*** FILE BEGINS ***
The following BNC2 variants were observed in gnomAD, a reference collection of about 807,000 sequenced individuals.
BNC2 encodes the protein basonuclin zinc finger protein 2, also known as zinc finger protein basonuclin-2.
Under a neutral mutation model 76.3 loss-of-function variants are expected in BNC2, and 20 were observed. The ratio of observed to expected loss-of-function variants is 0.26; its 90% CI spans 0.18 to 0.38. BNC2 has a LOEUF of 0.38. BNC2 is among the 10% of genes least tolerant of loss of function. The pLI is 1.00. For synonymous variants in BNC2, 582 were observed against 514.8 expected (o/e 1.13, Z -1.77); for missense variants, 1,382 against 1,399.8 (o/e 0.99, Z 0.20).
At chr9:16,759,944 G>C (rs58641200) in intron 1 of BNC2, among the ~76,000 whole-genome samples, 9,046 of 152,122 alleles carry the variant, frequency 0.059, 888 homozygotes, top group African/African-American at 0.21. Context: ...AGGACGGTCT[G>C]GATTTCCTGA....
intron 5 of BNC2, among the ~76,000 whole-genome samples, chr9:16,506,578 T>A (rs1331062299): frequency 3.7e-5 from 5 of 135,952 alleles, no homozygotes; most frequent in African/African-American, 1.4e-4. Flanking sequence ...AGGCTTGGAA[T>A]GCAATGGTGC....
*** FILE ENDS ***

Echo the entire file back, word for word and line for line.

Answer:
The following BNC2 variants were observed in gnomAD, a reference collection of about 807,000 sequenced individuals.
BNC2 encodes the protein basonuclin zinc finger protein 2, also known as zinc finger protein basonuclin-2.
Under a neutral mutation model 76.3 loss-of-function variants are expected in BNC2, and 20 were observed. The ratio of observed to expected loss-of-function variants is 0.26; its 90% CI spans 0.18 to 0.38. BNC2 has a LOEUF of 0.38. BNC2 is among the 10% of genes least tolerant of loss of function. The pLI is 1.00. For synonymous variants in BNC2, 582 were observed against 514.8 expected (o/e 1.13, Z -1.77); for missense variants, 1,382 against 1,399.8 (o/e 0.99, Z 0.20).
At chr9:16,759,944 G>C (rs58641200) in intron 1 of BNC2, among the ~76,000 whole-genome samples, 9,046 of 152,122 alleles carry the variant, frequency 0.059, 888 homozygotes, top group African/African-American at 0.21. Context: ...AGGACGGTCT[G>C]GATTTCCTGA....
intron 5 of BNC2, among the ~76,000 whole-genome samples, chr9:16,506,578 T>A (rs1331062299): frequency 3.7e-5 from 5 of 135,952 alleles, no homozygotes; most frequent in African/African-American, 1.4e-4. Flanking sequence ...AGGCTTGGAA[T>A]GCAATGGTGC....